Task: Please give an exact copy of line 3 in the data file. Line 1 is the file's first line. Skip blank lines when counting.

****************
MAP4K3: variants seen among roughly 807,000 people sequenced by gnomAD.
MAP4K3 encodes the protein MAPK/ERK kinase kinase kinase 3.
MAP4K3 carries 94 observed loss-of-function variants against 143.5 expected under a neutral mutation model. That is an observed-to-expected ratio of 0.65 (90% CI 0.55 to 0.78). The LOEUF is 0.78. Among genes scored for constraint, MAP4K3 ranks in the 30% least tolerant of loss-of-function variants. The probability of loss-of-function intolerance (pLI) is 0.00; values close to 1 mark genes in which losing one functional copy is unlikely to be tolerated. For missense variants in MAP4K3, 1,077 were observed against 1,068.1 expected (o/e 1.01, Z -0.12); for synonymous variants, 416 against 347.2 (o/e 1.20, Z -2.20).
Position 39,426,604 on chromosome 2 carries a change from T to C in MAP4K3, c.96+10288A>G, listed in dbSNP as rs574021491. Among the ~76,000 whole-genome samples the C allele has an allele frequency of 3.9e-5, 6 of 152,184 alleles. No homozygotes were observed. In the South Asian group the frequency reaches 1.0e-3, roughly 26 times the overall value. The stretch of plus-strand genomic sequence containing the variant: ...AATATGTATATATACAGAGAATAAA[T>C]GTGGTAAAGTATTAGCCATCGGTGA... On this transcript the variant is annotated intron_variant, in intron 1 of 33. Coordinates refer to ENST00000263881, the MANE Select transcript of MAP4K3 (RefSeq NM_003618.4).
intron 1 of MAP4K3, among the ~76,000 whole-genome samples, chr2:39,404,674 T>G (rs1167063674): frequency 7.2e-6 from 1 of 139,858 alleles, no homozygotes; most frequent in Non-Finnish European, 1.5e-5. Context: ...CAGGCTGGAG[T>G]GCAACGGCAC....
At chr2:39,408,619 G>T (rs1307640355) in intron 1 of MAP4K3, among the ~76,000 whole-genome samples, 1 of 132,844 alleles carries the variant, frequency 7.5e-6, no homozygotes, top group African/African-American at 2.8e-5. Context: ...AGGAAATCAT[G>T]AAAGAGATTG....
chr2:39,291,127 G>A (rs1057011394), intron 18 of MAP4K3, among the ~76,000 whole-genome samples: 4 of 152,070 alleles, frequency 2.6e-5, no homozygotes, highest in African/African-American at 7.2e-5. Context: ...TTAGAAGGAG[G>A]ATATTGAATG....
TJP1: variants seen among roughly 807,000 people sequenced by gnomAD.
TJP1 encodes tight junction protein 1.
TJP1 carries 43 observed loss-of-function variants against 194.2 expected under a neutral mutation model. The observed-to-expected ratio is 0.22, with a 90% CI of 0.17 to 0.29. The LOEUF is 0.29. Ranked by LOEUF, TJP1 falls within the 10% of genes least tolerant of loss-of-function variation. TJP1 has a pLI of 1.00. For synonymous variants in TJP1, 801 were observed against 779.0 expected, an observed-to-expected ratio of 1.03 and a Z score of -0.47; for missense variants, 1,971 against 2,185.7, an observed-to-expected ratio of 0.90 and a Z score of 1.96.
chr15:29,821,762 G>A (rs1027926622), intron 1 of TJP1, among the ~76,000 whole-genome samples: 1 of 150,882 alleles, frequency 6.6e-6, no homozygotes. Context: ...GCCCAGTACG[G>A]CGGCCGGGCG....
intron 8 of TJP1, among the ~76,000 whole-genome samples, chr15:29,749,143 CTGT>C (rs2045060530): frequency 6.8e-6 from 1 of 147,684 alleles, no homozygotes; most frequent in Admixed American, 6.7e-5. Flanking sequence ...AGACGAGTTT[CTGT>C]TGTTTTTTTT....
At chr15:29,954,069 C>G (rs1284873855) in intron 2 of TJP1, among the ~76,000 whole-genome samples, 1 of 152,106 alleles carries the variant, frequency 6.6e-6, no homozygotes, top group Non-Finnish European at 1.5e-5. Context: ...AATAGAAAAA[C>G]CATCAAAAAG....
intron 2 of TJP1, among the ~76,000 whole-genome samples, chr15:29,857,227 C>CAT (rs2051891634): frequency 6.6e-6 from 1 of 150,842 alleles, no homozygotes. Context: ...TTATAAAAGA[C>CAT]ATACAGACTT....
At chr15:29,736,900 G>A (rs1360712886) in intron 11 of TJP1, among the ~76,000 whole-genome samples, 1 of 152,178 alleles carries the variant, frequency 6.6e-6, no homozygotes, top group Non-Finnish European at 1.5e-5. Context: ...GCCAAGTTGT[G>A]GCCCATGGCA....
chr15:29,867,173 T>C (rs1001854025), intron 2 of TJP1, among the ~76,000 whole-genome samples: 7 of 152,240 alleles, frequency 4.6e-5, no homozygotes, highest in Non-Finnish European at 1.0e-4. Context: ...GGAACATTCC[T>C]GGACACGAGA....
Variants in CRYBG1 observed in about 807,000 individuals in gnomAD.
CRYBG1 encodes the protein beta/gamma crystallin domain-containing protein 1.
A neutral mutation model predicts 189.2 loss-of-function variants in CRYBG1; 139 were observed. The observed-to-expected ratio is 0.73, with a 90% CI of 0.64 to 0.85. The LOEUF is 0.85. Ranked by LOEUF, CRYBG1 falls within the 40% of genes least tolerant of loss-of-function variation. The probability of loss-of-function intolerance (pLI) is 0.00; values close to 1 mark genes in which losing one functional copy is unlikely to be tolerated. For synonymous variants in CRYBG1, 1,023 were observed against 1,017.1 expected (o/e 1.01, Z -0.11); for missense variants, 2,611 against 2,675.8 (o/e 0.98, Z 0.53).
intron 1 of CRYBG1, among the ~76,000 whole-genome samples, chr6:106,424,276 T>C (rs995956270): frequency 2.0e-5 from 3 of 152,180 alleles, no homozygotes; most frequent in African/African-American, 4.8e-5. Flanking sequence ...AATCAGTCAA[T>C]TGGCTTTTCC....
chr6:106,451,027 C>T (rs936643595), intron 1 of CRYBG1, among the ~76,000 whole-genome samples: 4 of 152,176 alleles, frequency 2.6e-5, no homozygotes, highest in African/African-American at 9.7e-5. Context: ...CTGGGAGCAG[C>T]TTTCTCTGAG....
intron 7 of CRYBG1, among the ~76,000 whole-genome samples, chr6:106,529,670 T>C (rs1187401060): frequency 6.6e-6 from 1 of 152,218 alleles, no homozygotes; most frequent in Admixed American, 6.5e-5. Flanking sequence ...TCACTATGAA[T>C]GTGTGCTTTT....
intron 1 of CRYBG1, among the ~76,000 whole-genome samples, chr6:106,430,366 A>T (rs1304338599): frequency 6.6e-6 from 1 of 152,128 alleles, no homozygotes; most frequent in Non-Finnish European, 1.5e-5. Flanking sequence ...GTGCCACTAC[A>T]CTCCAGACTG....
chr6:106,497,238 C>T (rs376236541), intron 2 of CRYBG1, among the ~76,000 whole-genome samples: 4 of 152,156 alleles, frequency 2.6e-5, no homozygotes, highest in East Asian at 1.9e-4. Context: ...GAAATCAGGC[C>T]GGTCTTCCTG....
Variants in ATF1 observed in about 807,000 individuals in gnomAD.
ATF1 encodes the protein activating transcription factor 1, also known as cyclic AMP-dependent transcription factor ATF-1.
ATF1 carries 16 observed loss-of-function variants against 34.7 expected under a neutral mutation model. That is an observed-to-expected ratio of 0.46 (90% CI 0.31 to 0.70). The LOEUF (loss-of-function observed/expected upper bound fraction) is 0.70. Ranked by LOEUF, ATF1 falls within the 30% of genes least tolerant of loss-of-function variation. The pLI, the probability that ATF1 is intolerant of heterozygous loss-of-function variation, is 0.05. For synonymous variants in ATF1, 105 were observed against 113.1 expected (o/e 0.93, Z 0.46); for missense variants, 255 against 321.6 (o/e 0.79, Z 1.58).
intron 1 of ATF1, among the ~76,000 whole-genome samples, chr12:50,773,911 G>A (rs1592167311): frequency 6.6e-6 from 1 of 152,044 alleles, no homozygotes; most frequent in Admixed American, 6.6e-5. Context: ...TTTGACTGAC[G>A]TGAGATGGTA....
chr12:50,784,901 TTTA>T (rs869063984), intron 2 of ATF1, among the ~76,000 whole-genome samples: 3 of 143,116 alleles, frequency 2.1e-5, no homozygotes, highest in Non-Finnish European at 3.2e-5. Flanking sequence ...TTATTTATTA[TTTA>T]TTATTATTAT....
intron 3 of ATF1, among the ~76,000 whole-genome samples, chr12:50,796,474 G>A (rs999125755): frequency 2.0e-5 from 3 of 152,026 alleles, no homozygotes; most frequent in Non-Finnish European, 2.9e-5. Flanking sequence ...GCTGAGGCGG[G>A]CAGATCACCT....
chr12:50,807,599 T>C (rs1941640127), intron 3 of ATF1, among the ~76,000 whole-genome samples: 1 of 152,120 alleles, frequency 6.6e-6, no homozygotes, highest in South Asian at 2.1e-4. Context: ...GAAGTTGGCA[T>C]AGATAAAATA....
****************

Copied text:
MAP4K3 carries 94 observed loss-of-function variants against 143.5 expected under a neutral mutation model. That is an observed-to-expected ratio of 0.65 (90% CI 0.55 to 0.78). The LOEUF is 0.78. Among genes scored for constraint, MAP4K3 ranks in the 30% least tolerant of loss-of-function variants. The probability of loss-of-function intolerance (pLI) is 0.00; values close to 1 mark genes in which losing one functional copy is unlikely to be tolerated. For missense variants in MAP4K3, 1,077 were observed against 1,068.1 expected (o/e 1.01, Z -0.12); for synonymous variants, 416 against 347.2 (o/e 1.20, Z -2.20).